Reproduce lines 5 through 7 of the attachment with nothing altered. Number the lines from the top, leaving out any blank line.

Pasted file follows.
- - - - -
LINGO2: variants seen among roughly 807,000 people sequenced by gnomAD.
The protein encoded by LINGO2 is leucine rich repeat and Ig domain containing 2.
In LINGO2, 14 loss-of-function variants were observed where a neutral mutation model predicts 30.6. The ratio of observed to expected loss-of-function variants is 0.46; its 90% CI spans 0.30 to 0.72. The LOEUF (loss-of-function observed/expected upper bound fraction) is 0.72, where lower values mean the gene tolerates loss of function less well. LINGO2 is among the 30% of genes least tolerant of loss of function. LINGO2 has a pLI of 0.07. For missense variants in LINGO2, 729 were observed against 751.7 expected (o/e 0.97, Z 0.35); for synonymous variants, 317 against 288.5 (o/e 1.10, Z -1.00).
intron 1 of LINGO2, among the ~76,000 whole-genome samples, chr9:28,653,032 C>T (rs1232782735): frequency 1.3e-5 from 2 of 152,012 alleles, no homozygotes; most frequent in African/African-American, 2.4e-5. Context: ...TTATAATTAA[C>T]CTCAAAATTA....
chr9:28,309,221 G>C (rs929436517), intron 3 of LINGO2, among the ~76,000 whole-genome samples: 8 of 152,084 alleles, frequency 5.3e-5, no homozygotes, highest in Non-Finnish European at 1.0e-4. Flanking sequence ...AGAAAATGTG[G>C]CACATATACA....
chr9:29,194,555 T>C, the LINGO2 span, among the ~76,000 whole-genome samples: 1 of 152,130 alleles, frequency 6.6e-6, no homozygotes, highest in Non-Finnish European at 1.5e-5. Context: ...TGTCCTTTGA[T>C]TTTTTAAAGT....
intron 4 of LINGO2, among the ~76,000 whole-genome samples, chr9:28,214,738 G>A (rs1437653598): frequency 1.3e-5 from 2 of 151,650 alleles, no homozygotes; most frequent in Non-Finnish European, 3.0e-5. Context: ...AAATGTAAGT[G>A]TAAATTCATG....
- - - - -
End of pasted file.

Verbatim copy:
chr9:28,309,221 G>C (rs929436517), intron 3 of LINGO2, among the ~76,000 whole-genome samples: 8 of 152,084 alleles, frequency 5.3e-5, no homozygotes, highest in Non-Finnish European at 1.0e-4. Flanking sequence ...AGAAAATGTG[G>C]CACATATACA....
chr9:29,194,555 T>C, the LINGO2 span, among the ~76,000 whole-genome samples: 1 of 152,130 alleles, frequency 6.6e-6, no homozygotes, highest in Non-Finnish European at 1.5e-5. Context: ...TGTCCTTTGA[T>C]TTTTTAAAGT....
intron 4 of LINGO2, among the ~76,000 whole-genome samples, chr9:28,214,738 G>A (rs1437653598): frequency 1.3e-5 from 2 of 151,650 alleles, no homozygotes; most frequent in Non-Finnish European, 3.0e-5. Context: ...AAATGTAAGT[G>A]TAAATTCATG....